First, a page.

Overnight Health Care: House set to vote on bill targeting drug companies for overcharging Medicaid | Dems press Trump officials on pre-existing conditions | Tobacco giant invests $1.8B in Canadian marijuana grower

Welcome to Friday's Overnight Health Care.

Virginia's Medicaid waiver is now open for public comments, the country's largest tobacco company is getting into the marijuana industry, and President TrumpDonald John TrumpThorny part of obstruction of justice is proving intent, that's a job for Congress Obama condemns attacks in Sri Lanka as 'an attack on humanity' Schiff rips Conway's 'display of alternative facts' on Russian election interference MORE will soon sign a maternal care bill.  

But first some drug pricing news.

 

House set to vote on bill cracking down on drug companies overcharging Medicaid

Congress might be about to take action to crack down on drug companies, a possible sign of things to come next year.

The House is expected to vote next week on a bill to crack down on drug companies that overcharge the government, according to two House aides.

How we got here: The bipartisan bill is aimed at stopping a repeat of the actions from Mylan, the maker of EpiPen, which made headlines last year for overcharging the Medicaid program for its commonly used product by as much as $1.27 billion over 10 years.

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The bill, from Sens. Chuck GrassleyCharles (Chuck) Ernest GrassleyOn The Money: Inside the Mueller report | Cain undeterred in push for Fed seat | Analysis finds modest boost to economy from new NAFTA | White House says deal will give auto sector B boost The 7 most interesting nuggets from the Mueller report Government report says new NAFTA would have minimal impact on economy MORE (R-Iowa) and Ron WydenRonald (Ron) Lee WydenOn The Money: Inside the Mueller report | Cain undeterred in push for Fed seat | Analysis finds modest boost to economy from new NAFTA | White House says deal will give auto sector B boost Government report says new NAFTA would have minimal impact on economy Hillicon Valley: Washington preps for Mueller report | Barr to hold Thursday presser | Lawmakers dive into AI ethics | FCC chair moves to block China Mobile | Dem bill targets 'digital divide' | Microsoft denies request for facial recognition tech MORE (D-Ore.), allows the government to fine drug companies that misclassify their drugs as generics in order to give smaller discounts to the government.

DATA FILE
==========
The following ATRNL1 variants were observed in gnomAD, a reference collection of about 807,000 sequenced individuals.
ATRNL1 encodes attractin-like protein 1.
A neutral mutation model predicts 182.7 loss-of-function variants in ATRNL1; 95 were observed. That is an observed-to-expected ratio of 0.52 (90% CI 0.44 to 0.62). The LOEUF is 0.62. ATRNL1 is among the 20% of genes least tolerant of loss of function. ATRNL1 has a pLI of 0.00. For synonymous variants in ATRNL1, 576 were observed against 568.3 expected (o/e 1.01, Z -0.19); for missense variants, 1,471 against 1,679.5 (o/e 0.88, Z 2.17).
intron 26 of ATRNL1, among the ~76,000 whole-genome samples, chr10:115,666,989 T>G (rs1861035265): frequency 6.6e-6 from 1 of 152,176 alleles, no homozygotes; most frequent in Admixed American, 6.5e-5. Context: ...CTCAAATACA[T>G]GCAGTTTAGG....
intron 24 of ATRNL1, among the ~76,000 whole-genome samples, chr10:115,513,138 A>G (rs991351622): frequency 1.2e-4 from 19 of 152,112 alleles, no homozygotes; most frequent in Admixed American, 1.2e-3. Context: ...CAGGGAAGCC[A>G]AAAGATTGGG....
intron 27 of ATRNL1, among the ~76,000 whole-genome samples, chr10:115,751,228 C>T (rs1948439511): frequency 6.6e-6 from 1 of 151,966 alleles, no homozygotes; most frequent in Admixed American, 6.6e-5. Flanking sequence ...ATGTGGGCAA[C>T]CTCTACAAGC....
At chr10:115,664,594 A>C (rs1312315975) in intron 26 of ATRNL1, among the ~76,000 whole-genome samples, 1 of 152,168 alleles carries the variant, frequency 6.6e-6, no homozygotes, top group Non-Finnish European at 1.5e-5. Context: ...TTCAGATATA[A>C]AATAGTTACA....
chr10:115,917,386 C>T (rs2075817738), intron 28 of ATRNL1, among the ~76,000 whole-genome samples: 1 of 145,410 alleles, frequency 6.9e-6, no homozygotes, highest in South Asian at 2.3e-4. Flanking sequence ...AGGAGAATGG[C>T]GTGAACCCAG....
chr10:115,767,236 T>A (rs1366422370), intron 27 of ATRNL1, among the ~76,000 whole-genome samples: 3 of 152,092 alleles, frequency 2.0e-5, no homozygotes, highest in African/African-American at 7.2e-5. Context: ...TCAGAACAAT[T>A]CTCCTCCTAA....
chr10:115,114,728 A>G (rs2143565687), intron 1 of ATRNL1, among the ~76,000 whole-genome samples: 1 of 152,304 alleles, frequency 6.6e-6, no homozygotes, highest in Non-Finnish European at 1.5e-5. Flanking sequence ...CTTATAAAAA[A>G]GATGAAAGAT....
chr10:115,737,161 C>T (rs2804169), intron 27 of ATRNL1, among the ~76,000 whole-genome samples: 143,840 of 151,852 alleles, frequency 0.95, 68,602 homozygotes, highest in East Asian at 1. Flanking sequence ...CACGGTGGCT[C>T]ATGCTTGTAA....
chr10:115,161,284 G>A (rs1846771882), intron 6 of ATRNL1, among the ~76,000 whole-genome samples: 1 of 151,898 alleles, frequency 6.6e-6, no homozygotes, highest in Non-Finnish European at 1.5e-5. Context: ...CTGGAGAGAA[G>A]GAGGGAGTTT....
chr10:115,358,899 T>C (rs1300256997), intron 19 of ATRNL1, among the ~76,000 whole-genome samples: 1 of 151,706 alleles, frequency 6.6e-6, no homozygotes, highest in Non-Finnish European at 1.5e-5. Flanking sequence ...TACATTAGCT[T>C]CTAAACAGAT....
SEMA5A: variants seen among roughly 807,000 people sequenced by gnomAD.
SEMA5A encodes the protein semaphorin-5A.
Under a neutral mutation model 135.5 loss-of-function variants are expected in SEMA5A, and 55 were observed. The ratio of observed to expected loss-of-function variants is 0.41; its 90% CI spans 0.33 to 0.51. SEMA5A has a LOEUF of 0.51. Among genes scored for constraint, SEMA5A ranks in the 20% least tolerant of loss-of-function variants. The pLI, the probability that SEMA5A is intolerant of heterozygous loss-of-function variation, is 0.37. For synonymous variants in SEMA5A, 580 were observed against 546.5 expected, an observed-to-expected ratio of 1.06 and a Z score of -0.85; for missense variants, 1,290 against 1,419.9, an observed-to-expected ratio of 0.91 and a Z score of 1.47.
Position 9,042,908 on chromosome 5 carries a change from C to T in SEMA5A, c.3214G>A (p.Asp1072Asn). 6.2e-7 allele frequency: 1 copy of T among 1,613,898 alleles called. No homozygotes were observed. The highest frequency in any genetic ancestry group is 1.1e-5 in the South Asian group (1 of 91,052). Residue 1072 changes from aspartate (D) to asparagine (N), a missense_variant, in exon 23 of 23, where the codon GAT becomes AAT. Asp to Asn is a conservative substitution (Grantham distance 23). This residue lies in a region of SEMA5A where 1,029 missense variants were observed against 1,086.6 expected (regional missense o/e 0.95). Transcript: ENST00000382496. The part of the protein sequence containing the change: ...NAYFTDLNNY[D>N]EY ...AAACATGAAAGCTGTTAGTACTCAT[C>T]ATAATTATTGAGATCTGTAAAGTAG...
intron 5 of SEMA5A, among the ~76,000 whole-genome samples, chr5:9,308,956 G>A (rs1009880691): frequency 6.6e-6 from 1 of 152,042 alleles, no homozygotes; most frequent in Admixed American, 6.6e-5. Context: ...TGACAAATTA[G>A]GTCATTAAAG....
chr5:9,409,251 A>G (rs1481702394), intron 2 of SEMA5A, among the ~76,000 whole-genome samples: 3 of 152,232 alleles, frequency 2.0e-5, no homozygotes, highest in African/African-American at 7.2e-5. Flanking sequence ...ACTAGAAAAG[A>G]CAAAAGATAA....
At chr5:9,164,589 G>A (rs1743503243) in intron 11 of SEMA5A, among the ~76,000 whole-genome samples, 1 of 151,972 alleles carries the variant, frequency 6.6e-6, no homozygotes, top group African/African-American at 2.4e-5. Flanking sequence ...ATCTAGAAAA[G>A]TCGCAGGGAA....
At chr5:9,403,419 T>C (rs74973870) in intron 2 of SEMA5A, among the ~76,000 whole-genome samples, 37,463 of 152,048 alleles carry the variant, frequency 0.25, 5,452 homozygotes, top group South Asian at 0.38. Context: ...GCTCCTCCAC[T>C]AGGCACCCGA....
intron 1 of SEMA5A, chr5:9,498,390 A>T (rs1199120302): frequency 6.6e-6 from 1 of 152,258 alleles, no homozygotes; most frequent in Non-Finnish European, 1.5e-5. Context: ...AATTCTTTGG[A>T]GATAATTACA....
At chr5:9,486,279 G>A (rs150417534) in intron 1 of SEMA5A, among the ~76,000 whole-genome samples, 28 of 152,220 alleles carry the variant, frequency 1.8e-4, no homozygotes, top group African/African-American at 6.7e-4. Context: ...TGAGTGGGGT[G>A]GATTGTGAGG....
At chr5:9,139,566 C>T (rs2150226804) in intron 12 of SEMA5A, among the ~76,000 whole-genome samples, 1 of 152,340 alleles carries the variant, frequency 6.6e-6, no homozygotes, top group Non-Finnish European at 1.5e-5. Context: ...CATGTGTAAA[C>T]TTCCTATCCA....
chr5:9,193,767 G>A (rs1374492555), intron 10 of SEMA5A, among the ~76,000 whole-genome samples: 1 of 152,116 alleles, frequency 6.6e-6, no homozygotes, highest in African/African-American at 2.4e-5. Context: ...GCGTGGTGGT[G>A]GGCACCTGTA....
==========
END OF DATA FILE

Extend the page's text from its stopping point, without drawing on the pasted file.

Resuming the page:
The House is moving first but there are hopes the Senate will also act soon.

Sign of things to come? The bill is quickly moving forward after being introduced just this week. And Grassley taking over the Finance Committee, combined with Democrats taking over the House, could lead to more action on drug prices, though that is always an uphill battle.

We've got more here.

 

Trump administration considering Medicaid work requirements in Virginia

The Department of Health and Human Services opened the proposal for public comment Friday.

Virginia expanded eligibility for Medicaid earlier this year to more low-income adults, but needs approval from the Trump administration to establish work requirements.

Didn't Virginia just elect a Democratic governor? Yes, but he needed the support of the Republican legislature to expand Medicaid. Republicans agreed to do so if it came with work requirements.

What's next: The comment period ends Jan. 6. The administration will make a decision sometime after that, though it usually takes several months.

Context: The administration has already approved work requirements in Wisconsin, Indiana, Kentucky, Arkansas and New Hampshire.

Arkansas' work requirements are being challenged in court.

Read more here.

 

Altria to invest $1.8 billion in Canadian marijuana grower

Tobacco giant Altria on Friday said it was investing $1.8 billion in Canadian marijuana company Cronos, while also discontinuing its e-cigarette products.

In October, Altria stopped selling e-cigarette "pods" and pulled almost all its flavored products from the market in an attempt to help curb teen vaping. The new move is a sign the company was also struggling to gain traction in a market dominated by Juul.

Altria is the country's largest tobacco company, and manufactures products like Marlboro and Virginia Slim cigarettes.